EPA recommends that you fix your home if the radon level is 4 pCi/L or more in its assessment of health risks. Because there is no known safe level of exposure to radon, EPA also recommends that you consider fixing your home if the radon level is between 2 pCi/L and 4 pCi/L. EPA's estimate of 21,000 lung cancer deaths per year due to radon is based on the average radon concentration in American homes, which is about 1.3 pCi/L. The average concentration of radon in outdoor air is 0.4 pCi/L, or 1/10 of EPA's 4 pCi/L action level.

How Radon Enters A House

There are several proven mitigation methods for reducing radon in your home, but the one primarily used is a vent pipe system and fan, which pulls radon from beneath the house and vent it to the outside. This system, known as a soil suction radon reduction system, does not require major changes to your home. Sealing foundation cracks and other openings makes this kind of system more effective and cost-efficient. Similar systems can also be installed in houses with crawl spaces.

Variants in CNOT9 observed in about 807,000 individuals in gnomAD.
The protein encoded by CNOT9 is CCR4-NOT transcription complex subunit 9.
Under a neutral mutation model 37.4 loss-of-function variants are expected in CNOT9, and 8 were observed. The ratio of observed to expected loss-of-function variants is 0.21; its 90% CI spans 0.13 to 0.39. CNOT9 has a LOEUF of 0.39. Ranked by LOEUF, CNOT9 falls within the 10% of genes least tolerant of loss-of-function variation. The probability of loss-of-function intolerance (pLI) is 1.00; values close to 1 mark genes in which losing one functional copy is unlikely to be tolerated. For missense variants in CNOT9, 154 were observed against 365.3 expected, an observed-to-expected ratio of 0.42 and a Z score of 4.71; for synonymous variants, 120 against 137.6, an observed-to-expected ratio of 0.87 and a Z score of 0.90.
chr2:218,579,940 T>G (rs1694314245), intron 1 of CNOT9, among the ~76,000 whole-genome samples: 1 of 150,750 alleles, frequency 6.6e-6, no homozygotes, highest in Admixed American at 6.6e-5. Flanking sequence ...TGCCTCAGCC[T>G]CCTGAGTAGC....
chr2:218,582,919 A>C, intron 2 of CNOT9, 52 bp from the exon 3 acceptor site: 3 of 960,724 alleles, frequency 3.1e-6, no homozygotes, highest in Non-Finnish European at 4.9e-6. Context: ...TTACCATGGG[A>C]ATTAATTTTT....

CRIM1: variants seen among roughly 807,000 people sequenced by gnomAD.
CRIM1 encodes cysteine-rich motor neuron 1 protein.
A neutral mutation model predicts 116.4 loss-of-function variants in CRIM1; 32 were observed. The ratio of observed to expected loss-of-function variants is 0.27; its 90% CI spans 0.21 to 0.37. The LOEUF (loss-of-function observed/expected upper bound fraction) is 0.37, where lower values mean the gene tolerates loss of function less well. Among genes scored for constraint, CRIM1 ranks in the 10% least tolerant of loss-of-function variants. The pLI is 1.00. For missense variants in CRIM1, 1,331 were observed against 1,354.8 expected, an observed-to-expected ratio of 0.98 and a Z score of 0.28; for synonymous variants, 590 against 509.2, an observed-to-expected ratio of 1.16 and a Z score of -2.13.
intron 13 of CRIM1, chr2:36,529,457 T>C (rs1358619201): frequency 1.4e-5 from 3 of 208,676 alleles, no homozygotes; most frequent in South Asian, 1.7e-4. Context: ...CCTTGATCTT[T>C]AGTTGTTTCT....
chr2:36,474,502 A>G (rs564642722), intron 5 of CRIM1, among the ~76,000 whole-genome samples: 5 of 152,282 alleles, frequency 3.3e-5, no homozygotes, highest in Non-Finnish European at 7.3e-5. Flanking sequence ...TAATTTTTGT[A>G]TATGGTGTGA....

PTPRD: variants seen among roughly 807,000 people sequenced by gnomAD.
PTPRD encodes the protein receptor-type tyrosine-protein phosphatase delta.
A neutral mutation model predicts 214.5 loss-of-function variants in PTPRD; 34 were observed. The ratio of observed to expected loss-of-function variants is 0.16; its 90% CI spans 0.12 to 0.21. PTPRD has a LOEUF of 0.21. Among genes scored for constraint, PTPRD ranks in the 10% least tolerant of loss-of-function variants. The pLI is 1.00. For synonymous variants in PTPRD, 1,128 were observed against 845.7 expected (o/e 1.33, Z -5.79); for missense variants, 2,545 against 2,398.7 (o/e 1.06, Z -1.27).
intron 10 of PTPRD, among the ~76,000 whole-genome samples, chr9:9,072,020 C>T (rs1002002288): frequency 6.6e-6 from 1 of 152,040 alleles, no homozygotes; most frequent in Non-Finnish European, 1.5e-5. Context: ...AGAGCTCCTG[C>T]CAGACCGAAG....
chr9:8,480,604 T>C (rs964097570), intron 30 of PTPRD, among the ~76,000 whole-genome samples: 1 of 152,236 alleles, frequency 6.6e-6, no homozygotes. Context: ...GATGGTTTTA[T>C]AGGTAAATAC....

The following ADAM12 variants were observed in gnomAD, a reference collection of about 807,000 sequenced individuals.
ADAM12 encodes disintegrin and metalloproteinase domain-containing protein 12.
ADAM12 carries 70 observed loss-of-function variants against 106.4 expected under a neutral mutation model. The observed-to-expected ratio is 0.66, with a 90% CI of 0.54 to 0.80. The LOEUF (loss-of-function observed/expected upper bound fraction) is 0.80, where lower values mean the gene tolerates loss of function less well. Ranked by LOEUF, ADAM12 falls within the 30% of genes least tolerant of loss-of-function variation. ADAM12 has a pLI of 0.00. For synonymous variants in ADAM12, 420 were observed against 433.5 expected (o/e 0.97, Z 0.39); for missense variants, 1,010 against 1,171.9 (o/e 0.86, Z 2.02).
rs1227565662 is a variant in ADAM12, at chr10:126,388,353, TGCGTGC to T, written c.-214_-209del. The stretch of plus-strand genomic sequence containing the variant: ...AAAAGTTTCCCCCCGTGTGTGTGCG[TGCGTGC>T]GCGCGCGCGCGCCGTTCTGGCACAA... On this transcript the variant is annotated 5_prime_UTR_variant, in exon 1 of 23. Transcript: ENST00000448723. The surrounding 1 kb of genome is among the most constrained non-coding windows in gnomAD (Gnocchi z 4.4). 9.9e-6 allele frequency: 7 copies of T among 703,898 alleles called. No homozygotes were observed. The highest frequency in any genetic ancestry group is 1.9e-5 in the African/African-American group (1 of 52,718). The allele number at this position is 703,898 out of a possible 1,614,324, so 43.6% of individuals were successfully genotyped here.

Laura Rossinow is trying to enlighten the public about the harmful affects radon gas can have and a simple test can determine if elevated levels are present. Call us today to find out more about radon testing and how to schedule your test. 

How Radon Contractors Can Help

Radon contractors can use other methods that might also work in your home. The right system depends on the design of your home and other factors. See EPA's Consumer's Guide to Radon Reduction.

If we find you have elevated radon levels in your home, we will guide you to an NRPP Certified Radon Mitigation/Remediation Contractor.

Radon Abatement

Radon in Real Estate Transactions

Radon is becoming an important part of the real estate transfer process in Massachusetts. For a thorough discussion of the role of radon in buying and selling homes, see EPA's Home Buyer's and Seller's Guide to Radon.